Alhough in earlier times, the results of this lineage could be surprising. From the early professionalisation of music-making with the founding of the St Petersburg Conservatory in 1862, and that in Moscow three years later, Russian instrumental pedagogy was for several decades heavily staffed by foreigners (especially in St Petersburg, somewhat less so in Moscow). One of these was the Jewish-Hungarian, Leopold Auer, himself a student of Joseph Joachim. Now Auer, whilst heavily influenced by Joachim’s teaching, modified the so-called “Joachim grip”, with the arm very close to the body, somewhat locked in (which was taught quite extensively in the Berlin Musikhochschule, which Joachim founded). Both Auer and Joachim inveighed vociferously against the use of continuous vibrato. Yet three of Auer’s most important students – Mischa Elman, Efram Zimbalist and Jascha Heifetz – played a very significant role in establishing this practice towards its becoming the norm in the 1920s and 1930s. Within two generations of teachers we have gone from Joachim to Heifetz – a pretty major transformation in my opinion. Auer has been characterised as the most important teacher of the violin in Russia prior to the Soviet era (I know more about Russian pedagogy between 1862 and 1917 than afterwards, but certainly various people have suggested there was a very significant shift after the later date with the new types of politicisation of musical life), yet his own style of playing and teaching seems very far from those that developed at a later date.

Similarly the Polish Theodor Leschetizky, a student of Czerny and a teacher at St Petersburg from the very opening of the Conservatory (then later in Vienna), could teach Ossip Gabrilowitsch, Mark Hambourg, Ignacy Paderewski and Artur Schnabel – all extremely different players.

Now I do believe one can talk of schools of playing, especially centered around particular teaching institutions (certain ways of playing have been predominantly taught in London, Paris, Vienna, St Petersburg, Moscow, New York, etc.) and also the aesthetic norms and demands of various localised musical scenes (certain types of player or styles of playing tend to be favoured depending upon who is awarding prizes, running concert series, radio stations, etc.). And the same for composition. But I’m not so convinced about how much the lineage counts with the best players, many of whom often move in a quite different direction to their teachers.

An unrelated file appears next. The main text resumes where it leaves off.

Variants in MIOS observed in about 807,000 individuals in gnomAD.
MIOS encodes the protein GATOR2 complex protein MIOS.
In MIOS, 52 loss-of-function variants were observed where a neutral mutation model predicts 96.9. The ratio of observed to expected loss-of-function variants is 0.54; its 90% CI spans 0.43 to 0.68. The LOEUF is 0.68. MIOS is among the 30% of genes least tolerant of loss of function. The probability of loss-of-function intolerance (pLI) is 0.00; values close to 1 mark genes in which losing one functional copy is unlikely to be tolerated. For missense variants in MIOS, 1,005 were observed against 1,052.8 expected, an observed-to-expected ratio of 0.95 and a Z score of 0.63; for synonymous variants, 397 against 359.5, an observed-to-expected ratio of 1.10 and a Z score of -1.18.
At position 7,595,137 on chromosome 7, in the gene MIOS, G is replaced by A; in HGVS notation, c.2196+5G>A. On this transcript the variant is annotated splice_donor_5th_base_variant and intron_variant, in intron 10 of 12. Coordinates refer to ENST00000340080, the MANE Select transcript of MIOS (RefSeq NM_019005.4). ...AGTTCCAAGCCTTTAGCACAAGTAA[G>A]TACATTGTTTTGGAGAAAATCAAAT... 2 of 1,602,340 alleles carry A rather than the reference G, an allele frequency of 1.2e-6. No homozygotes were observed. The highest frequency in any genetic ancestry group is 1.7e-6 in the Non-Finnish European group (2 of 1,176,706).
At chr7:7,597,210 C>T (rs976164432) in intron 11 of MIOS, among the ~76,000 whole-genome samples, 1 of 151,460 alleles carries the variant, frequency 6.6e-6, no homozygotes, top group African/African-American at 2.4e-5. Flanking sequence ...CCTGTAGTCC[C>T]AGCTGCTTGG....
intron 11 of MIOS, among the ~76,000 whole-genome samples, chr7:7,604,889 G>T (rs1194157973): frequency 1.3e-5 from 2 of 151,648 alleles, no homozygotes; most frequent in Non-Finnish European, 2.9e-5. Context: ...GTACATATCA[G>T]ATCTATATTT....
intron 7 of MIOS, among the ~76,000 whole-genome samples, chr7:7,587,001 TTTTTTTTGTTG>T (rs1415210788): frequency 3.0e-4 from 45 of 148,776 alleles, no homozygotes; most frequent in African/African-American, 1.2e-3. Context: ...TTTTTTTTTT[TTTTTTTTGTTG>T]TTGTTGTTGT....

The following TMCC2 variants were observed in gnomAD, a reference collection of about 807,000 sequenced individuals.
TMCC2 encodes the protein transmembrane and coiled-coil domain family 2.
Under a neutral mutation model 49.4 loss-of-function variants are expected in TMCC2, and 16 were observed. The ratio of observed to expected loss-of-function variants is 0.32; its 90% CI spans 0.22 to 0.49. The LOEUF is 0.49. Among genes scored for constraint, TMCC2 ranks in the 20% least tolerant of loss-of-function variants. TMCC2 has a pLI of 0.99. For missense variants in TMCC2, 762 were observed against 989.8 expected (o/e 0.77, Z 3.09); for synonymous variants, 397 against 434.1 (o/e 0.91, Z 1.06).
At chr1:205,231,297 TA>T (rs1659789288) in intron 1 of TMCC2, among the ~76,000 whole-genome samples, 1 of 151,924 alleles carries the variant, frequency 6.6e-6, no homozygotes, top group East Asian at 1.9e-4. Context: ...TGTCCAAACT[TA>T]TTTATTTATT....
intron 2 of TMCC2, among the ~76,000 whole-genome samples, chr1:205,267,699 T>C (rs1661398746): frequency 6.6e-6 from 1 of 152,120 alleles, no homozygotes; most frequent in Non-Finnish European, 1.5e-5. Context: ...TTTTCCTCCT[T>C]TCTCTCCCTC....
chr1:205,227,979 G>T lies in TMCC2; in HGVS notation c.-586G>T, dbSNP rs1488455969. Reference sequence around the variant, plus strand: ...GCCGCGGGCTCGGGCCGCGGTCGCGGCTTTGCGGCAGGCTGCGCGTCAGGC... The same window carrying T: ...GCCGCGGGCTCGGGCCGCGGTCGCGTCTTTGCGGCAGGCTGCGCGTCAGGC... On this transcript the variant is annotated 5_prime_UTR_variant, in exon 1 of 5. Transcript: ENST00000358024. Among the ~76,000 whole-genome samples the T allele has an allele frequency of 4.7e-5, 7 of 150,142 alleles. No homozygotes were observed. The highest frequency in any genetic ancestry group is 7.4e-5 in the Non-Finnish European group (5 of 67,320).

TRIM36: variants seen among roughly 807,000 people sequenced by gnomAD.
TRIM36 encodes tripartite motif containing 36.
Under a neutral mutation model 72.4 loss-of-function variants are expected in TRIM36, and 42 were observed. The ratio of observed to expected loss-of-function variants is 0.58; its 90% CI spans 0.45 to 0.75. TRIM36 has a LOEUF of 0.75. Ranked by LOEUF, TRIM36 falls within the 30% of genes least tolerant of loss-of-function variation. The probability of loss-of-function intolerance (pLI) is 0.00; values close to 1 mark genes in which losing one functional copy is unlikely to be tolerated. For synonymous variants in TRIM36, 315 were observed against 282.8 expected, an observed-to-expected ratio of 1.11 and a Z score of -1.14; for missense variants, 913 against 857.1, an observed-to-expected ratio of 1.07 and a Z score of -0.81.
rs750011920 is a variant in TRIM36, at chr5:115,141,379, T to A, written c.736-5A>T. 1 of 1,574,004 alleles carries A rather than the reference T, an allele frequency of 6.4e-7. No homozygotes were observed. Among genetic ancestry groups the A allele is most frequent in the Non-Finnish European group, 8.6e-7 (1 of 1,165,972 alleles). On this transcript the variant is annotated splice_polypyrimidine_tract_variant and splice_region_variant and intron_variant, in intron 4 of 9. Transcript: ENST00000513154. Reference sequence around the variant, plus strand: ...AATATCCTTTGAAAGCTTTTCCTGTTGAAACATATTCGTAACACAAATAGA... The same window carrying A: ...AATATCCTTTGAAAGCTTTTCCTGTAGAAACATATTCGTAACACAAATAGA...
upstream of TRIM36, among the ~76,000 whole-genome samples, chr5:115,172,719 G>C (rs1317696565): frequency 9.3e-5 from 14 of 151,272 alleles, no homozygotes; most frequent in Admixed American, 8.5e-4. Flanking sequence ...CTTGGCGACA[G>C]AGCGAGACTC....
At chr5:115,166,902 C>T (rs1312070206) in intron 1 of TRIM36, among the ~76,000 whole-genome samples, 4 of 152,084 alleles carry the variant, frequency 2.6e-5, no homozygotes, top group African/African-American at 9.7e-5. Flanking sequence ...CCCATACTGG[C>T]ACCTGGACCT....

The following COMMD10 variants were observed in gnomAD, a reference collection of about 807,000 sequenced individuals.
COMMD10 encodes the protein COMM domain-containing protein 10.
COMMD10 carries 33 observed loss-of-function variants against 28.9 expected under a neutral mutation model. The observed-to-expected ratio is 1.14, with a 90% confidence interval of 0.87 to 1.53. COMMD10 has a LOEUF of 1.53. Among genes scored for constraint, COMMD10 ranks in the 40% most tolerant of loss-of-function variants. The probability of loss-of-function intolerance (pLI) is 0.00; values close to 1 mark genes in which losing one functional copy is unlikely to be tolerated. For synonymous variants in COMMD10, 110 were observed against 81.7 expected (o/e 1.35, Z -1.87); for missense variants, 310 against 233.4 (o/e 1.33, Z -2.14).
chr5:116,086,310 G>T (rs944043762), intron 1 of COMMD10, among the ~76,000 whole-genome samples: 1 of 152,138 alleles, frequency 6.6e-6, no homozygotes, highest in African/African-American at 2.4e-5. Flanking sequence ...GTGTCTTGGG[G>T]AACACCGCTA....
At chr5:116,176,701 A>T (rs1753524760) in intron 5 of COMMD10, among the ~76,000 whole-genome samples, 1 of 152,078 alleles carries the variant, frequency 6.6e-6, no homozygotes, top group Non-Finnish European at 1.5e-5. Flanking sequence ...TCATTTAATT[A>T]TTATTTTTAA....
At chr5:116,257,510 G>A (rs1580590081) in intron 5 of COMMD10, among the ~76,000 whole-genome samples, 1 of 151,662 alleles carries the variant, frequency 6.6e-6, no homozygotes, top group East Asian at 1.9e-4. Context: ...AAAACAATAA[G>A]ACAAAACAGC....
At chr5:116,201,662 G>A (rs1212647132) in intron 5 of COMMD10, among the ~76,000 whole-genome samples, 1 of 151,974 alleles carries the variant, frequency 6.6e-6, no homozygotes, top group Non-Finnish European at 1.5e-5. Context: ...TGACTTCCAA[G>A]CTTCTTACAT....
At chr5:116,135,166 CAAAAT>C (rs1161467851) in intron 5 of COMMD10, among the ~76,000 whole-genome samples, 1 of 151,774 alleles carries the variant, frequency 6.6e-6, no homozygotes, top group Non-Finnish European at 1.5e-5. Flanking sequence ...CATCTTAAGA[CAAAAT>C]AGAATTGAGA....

Classical Music: Who Cares?

Posted in Food, Music with tags , , , , , , , , , , , , , , , , , , , , on August 23, 2010 by Robin Gosnall

A survey reveals that Britons are clueless about classical music. A third of participants have never listened to the genre and 4% wrongly identified a type of Italian cheese ball as a composer.

One in three people (33%) have never listened to classical music and 4% of those surveyed wrongly identified Bocconcini – small Italian cheese balls – as a composer. The Reader’s Digest survey of 1,516 people also found that most were unable to link composers to their masterpieces. Three out of four (75%) did not know that Elgar wrote Pomp and Circumstance, and 27% did not even know he was a composer. Sixty-eight percent did not know Tchaikovsky wrote the 1812 Overture.